Airports offer only escape as winter's grip tightens

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The Independent Online
Fresh snowfalls sweeping in from the Atlantic are set to bring a bitter chill to large swathes of Britain today.

But while motoring organisations were warning drivers to think twice about their travel plans, airports were preparing for an exodus by thousands of travellers escaping the cold.

After one of the coldest Christmases on record, the London Weather Centre said little of Britain was likely to escape snow or sleet today.

Rain falling on the tip of Cornwall turned to snow yesterday afternoon as the cold front moved northwards through the South- west, South-east and Wales.

Bitter south-easterly winds were set to make it a raw holiday Saturday with the wind-chill factor leaving the country feeling 10 degrees colder than real temperatures.

However, a London Weather Centre spokeswoman said a warmer southerly wind would bring milder conditions to the majority of England by tomorrow although there would be fresh snow falls in Scotland.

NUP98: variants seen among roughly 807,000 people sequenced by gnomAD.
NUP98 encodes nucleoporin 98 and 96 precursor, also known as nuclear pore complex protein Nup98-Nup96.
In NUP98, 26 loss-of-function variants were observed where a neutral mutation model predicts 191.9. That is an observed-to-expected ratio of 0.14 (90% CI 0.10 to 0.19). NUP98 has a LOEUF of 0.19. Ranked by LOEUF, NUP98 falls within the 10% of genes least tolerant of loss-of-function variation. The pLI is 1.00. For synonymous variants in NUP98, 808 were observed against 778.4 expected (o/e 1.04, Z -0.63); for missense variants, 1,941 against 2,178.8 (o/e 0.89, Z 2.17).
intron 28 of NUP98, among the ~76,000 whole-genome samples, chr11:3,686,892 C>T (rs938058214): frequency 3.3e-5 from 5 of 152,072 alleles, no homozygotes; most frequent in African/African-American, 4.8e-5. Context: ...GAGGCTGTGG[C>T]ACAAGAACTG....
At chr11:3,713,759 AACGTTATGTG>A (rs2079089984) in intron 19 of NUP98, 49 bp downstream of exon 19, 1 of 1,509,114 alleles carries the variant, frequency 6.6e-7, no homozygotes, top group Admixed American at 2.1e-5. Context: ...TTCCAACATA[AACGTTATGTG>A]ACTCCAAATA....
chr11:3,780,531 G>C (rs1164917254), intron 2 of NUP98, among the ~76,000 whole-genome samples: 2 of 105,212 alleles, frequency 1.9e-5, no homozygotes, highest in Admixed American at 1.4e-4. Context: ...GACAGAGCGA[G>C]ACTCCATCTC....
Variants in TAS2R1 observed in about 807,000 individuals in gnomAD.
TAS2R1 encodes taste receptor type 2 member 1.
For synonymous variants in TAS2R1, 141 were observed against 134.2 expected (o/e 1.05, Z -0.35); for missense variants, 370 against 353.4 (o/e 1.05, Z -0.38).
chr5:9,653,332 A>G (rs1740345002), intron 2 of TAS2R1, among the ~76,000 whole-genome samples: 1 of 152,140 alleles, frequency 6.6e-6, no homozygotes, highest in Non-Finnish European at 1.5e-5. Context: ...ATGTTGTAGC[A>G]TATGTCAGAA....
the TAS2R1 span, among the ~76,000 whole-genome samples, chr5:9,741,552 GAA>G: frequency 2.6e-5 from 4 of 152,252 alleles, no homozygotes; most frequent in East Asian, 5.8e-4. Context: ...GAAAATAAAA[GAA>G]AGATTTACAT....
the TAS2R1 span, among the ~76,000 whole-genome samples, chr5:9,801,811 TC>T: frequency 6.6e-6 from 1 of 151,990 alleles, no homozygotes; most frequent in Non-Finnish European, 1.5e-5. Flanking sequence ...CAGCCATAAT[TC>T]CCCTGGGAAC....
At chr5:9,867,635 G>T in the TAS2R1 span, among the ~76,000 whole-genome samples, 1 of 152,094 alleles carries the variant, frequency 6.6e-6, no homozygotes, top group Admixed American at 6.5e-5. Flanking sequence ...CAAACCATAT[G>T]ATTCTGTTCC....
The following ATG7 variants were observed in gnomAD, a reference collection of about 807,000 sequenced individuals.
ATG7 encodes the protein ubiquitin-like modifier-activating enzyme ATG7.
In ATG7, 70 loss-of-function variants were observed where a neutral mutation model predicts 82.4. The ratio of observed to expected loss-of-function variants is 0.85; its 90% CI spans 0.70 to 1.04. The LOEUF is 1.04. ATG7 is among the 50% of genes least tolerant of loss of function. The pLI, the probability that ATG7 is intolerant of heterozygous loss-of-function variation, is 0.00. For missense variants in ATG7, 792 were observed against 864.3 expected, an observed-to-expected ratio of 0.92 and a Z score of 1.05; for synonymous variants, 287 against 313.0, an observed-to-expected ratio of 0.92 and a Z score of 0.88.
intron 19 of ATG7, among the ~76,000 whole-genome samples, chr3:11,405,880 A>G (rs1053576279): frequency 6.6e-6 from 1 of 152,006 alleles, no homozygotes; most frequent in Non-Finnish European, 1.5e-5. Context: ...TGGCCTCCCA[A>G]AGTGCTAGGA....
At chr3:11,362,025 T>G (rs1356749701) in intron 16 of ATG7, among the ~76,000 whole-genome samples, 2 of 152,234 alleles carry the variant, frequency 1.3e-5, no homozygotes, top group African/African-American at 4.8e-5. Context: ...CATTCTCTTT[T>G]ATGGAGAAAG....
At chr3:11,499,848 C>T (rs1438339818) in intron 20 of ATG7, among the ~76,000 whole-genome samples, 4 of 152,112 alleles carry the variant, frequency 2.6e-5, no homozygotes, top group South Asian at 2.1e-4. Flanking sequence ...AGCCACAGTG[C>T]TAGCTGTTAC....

By New Year's Day temperatures, which have hovered at zero over the holiday period, are set to rise to 10C in the far west of England, 5-7C for mid- England and 3C in the North.

Scotland will remain cold. Glasgow airport was the coldest place in Britain at minus 18.7C yesterday, only marginally warmer than its worst ever night earlier this week. The Shetland Isles, where a mild thaw began yesterday, could suffer fresh blizzards.

The AA motoring organisation said it was working flat-out to tackle problems, mainly flat batteries and frozen engines. Thursday was its second busiest day on record, and it has dealt with 66,000 calls in the past three days compared with a typical 13,000 a day. Most main routes were clear, although black ice was a risk.

Travel by rail has been largely unaffected by the weather apart from Scotland where ScotRail has suffered serious disruption and 160 "snow men" have been out checking points.

Airports expect a record New Year, with few problems. More than 425,000 passengers are set to fly from Heathrow between New Year's Eve and 2 January, joining a seasonal exodus 4 per cent higher than last year. Around 1.75 million have flown since 21 December.

More than 700,000 passengers have passed through Gatwick over the holiday.

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